Access to the remittance basis is not free for a UK non-dom who is at least 18 years old, and classed as a “long-term resident”. Such a person must pay the “remittance basis charge” (RBC) for any tax year in which she wishes to use the remittance basis.

Who is a “long-term resident?”

The term is not contained within the statute; HMRC simply employs it as a useful shorthand.

It applies to the following groups of non-doms:

  • Those who have been UK-resident for seven out of the previous nine tax years; and
  • Those who have been UK-resident for 12 out of the previous 14 tax years.

For those in the first group, the RBC is GBP 30,000.

For those in the second group, the RBC is GBP 60,000.

How does the charge work?

The individual nominates a part of his foreign income or gains, being an amount that would give rise to tax equivalent to the RBC.

If the taxpayer does not have enough foreign income or gains for this purpose, the legislation deems an additional amount (of notional income) to have been nominated, so as to result in a tax charge up to the amount of the RBC.

Deemed-domiciled taxpayers excluded

The individual must obviously be UK-resident and UK-non-domiciled in the tax year of claim. However, if he is non-UK domiciled under general law, but deemed-UK domiciled for tax purposes, he cannot access the remittance basis.

The RBC and dually resident taxpayers

The RBC rules impact dually resident taxpayers in the following ways:

  • The RBC still applies even where a treaty tie-breaker clause deems the taxpayer to be resident in the other jurisdiction; and
  • For the purposes of determining whether the individual is a long-term resident, one must count any tax years in which the individual is deemed, under UK domestic law, to be a resident of the UK. This applies irrespective of whether a treaty tie-breaker rule deems the individual to be resident in the other country.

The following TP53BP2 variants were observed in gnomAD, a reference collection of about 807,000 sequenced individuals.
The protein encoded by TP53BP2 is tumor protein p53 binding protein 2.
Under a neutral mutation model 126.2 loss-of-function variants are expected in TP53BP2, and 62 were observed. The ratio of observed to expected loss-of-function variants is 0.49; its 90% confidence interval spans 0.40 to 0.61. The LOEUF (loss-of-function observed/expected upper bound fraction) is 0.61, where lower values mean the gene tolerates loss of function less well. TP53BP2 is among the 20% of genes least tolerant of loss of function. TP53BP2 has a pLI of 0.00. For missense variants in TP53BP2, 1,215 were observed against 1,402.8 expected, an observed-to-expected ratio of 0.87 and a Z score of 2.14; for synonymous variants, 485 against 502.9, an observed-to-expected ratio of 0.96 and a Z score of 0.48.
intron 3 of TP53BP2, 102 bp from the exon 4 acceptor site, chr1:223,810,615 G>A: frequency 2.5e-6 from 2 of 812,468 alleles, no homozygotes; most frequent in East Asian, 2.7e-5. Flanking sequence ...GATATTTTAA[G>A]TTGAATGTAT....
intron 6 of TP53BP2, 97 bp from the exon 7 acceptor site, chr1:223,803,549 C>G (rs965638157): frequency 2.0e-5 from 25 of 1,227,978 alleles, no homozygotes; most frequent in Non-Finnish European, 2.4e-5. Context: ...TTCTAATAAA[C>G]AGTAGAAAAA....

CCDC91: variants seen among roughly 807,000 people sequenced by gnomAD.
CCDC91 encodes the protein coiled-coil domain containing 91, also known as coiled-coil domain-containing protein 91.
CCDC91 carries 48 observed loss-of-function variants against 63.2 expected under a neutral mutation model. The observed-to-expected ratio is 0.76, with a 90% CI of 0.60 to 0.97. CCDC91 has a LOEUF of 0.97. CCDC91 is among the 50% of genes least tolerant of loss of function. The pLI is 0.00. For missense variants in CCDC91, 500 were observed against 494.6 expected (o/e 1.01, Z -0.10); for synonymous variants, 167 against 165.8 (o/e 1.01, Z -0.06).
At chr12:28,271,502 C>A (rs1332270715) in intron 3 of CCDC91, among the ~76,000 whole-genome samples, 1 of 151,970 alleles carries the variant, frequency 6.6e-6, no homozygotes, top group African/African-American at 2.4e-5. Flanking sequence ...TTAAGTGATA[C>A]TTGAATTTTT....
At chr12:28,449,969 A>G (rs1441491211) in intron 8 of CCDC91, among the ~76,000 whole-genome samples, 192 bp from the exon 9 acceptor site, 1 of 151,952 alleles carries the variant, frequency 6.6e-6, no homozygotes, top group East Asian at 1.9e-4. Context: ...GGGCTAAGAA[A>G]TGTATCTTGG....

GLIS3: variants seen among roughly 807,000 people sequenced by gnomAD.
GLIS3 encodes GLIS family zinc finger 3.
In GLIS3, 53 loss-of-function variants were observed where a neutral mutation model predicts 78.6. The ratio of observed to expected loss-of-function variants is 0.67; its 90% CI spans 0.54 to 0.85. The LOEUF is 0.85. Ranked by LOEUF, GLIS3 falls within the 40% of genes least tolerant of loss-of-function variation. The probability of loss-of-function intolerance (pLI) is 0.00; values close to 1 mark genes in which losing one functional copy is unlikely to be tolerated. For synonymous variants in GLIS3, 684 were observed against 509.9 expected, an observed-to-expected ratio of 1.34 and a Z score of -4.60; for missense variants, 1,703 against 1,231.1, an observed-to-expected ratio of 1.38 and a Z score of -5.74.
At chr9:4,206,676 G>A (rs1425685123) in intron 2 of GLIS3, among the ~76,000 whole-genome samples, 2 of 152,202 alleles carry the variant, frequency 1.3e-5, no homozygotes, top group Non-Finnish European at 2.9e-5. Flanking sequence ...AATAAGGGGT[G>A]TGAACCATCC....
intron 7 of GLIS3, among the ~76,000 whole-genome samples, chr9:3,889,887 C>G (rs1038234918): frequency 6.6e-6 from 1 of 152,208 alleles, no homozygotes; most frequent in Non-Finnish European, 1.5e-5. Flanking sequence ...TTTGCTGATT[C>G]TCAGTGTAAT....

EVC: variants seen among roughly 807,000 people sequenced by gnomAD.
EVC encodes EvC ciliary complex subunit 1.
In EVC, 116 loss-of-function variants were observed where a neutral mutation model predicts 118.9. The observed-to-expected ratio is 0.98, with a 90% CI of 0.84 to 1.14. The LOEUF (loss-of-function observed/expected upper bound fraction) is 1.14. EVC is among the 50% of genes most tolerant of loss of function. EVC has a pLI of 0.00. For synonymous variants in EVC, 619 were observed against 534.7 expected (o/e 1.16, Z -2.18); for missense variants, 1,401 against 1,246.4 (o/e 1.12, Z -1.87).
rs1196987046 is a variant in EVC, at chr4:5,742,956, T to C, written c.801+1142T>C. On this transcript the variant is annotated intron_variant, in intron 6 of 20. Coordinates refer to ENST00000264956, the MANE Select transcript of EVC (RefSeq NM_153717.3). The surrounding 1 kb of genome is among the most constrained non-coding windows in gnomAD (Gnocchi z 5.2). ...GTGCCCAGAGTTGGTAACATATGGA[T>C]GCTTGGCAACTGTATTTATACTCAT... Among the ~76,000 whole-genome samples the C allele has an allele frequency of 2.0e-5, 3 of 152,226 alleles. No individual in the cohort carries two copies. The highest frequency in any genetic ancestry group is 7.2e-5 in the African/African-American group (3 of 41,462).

The nature of the RBC

One effect of the nomination mechanism (explained above) is that the RBC is treated as though it were a tax. This ensures that, where relevant, it may be creditable or deductible in the other country. However, where the taxpayer has not nominated sufficient income or gains, and a deeming effect creates notional income (see above), the portion of the RBC relating to that notional income is not available for credit or deduction.

Background to the RBC

The RBC was introduced in 2008. Before that time, the remittance basis applied automatically, and for free, to UK resident and non-domiciled individuals. (It also applied to individuals who were UK-resident, but not “ordinarily resident” in the UK. The concept of “ordinary residence” was done away with in 2013/14.)

When introduced in 2008, the RBC was a single charge, of GBP 30,000, applying to non-doms who had been resident for seven out of the nine tax years immediately preceding the year in question. This remained the position until 2011/12.

The following tax year, a higher RBC was introduced for non-doms who had been resident for 12 out of the 14 tax years preceding the relevant tax year. The higher RBC was first set at GBP 50,000. That subsisted from 2012/13 to 2014/15. From 2015/16 onwards, the higher RBC is GBP 60,000.

There was an even higher RBC, a charge of GBP 90,000 for non-doms who had been UK-resident for at least 17 out of the previous 20 tax years. That charge applied in 2015/16 and 2016/17. However, following the Finance Act 2017 reforms (which deemed such taxpayers to be UK-domiciled), this provision was withdrawn.


(Photo by Two Paddles Axe and Leatherwork on Unsplash)